Repurposing ads (or content) that worked in the past might be more effective than starting from scratch.
Collecting cash from and bankrupting other players as you cruise around the board in a little metal battleship isn’t nearly as thrilling as generating leads—and sales—from awesome advertising. And when it comes to this, few content creators did it better than David Ogilvy.
He once remarked in his book, Ogilvy On Advertising, to “Repeat your winners. If you are lucky enough to write a good advertisement, repeat it until it stops selling. Scores of good advertisements have been discarded before they lost their potency.”
So in essence, repeat successful ads–ads that have been proven to work–until it’s no longer feasible.
Creative ads are good–many are well thought out with a slick production value–but original content is just that: original.
For instance, office suite software provider, Zoho, used the sky to promote its CRM during a Salesforce conference. In particular, they used airplanes to spell out a link in the big blue, which then led viewers to a landing page that encouraged visitors to outsmart Einstein.
Zoho was trying to promote its new smart CRM. It’s a creative idea, but there’s no connection between Einstein and CRM. The idea could’ve easily tanked. This is why creative ads, at least for the purpose of selling, aren’t preferable to tested ads that are proven to generate profits.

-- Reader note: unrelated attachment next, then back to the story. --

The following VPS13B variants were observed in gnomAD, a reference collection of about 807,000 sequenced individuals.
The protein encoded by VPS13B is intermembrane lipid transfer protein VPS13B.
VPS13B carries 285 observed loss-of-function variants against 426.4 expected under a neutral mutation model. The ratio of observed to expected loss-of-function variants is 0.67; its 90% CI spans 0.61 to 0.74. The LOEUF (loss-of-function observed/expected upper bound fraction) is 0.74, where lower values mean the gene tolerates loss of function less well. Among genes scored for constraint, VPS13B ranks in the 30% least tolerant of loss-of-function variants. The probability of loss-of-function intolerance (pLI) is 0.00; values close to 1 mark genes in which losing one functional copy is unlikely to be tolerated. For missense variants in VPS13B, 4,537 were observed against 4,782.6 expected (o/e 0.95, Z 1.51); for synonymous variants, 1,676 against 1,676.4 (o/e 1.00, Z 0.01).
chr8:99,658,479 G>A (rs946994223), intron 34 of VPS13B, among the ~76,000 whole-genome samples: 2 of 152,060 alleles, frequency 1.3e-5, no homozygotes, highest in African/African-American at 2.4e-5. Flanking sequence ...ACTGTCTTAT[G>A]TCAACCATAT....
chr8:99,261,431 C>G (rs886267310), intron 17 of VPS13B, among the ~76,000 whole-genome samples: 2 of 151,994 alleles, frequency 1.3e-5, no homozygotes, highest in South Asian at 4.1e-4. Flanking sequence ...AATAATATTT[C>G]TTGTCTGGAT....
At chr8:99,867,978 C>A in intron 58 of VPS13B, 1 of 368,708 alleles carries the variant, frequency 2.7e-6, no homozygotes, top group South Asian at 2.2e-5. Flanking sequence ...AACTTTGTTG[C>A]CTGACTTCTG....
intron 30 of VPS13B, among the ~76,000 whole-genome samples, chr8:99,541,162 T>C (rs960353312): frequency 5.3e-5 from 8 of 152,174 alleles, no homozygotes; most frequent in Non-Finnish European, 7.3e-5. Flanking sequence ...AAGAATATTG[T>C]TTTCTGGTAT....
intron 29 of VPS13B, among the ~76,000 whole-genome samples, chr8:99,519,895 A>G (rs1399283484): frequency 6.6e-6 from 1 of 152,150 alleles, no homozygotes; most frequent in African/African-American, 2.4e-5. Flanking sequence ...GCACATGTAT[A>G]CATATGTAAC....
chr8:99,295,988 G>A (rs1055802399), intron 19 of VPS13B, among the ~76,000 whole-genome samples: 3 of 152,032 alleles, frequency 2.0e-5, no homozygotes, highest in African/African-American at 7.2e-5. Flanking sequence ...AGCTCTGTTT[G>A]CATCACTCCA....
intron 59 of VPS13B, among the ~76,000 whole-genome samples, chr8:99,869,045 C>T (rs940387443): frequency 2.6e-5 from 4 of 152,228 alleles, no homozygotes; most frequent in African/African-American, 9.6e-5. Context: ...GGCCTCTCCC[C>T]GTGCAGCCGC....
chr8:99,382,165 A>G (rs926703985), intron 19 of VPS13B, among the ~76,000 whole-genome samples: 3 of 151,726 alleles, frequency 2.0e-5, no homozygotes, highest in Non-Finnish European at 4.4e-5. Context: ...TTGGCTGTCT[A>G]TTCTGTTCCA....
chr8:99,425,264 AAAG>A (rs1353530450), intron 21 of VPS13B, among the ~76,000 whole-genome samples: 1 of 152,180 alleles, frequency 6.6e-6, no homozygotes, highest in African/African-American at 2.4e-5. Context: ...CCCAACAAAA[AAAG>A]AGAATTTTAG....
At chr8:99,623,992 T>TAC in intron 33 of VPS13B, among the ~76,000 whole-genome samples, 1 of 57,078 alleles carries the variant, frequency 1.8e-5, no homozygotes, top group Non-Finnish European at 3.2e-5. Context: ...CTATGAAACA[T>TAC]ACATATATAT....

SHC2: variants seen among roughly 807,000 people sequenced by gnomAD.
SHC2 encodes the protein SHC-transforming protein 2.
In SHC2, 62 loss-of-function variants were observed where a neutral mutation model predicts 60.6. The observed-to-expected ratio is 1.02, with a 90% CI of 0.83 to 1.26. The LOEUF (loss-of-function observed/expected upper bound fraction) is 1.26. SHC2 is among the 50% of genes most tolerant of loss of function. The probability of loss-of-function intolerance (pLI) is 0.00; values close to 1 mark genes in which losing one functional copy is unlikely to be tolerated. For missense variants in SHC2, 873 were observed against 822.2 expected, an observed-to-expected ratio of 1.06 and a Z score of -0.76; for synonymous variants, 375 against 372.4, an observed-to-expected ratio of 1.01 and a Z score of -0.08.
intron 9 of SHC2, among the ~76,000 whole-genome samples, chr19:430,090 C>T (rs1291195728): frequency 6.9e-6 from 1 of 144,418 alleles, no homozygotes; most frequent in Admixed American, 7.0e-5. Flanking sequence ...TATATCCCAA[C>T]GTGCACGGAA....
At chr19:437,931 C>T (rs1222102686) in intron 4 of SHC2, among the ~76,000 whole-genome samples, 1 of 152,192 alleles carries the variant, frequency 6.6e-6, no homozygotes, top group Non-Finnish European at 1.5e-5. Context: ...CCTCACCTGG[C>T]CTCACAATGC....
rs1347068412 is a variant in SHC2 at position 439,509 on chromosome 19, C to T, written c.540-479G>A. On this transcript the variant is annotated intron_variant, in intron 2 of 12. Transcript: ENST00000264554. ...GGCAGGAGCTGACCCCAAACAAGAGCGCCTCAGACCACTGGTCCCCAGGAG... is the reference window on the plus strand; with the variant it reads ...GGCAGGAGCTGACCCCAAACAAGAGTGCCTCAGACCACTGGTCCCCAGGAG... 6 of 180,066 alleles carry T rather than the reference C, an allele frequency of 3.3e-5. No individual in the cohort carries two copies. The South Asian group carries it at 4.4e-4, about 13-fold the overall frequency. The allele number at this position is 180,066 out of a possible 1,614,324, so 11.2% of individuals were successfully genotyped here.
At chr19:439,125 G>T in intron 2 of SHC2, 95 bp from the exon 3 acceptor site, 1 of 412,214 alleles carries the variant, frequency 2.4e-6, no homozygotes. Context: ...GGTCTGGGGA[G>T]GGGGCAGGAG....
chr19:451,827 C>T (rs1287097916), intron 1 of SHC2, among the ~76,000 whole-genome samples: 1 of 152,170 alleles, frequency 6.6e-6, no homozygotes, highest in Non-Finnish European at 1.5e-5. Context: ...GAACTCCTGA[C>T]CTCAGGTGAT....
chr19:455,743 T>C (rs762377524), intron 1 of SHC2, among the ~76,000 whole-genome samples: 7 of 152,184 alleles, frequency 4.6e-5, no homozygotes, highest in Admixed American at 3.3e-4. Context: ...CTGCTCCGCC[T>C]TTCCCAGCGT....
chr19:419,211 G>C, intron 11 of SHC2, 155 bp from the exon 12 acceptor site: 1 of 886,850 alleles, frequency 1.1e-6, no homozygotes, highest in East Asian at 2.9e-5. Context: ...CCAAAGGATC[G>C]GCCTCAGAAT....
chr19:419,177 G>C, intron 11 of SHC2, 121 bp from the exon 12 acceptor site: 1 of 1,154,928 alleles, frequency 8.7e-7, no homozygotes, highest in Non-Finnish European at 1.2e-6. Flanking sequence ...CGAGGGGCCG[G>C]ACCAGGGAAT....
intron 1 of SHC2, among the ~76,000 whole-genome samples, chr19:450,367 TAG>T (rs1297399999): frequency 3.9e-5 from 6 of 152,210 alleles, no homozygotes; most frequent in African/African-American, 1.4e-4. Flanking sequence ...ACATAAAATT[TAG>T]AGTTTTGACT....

Creative ads have never been tried, so the return on investment is unclear.
Ogilvy didn’t think much of creativity in advertising. He had very clear ideas of what made a good plug and what didn’t.
And good ads in his view, weren’t creative at all—they simply sold the product.
Ogilvy’s approach isn’t without its advocates. Robert W. Bly—arguably “America’s Top Copywriter”— would agree with Ogilvy’s views on the components of a good advert. Bly says in very clear and unmistakable terms that the purpose of ads is to sell.
So if you’re writing to sell, there are certain trigger words and phrases that have been battle-tested and proven to work. An example of such vocabulary might include words like, “free,” “secret,” “discover,” “win”—the list goes on.
The point is that many content creators use the same ideas and frames in their work that other success stories used. It’s literally how content is repurposed. Although whole sentences and phrases aren’t copied verbatim.
But there’s one person whose success you can definitely rip off: yourself.
It’s not a crime to recycle and reuse your own work, converting that webinar into an eBook or a podcast to web copy. The possibilities are endless and saves you from having to reinvent the wheel every time you create content.
One way to repurpose work is to change it enough so that it appeals to a different set of emotions.
Emotions are old hat, though—content creators have been using them to push prospects’ buttons for a long time.
The point is, just knowing that emotional triggers exist isn’t enough. You’ve got to know the psychology behind them.
Something you can use right now that uses both emotional triggers and psychology is the expert work of Robert B. Cialdini.
In his landmark book on the subject of persuasion, Influence: The Psychology of Persuasion, he defines six psychological tactics you can use to get people to do what you want them to.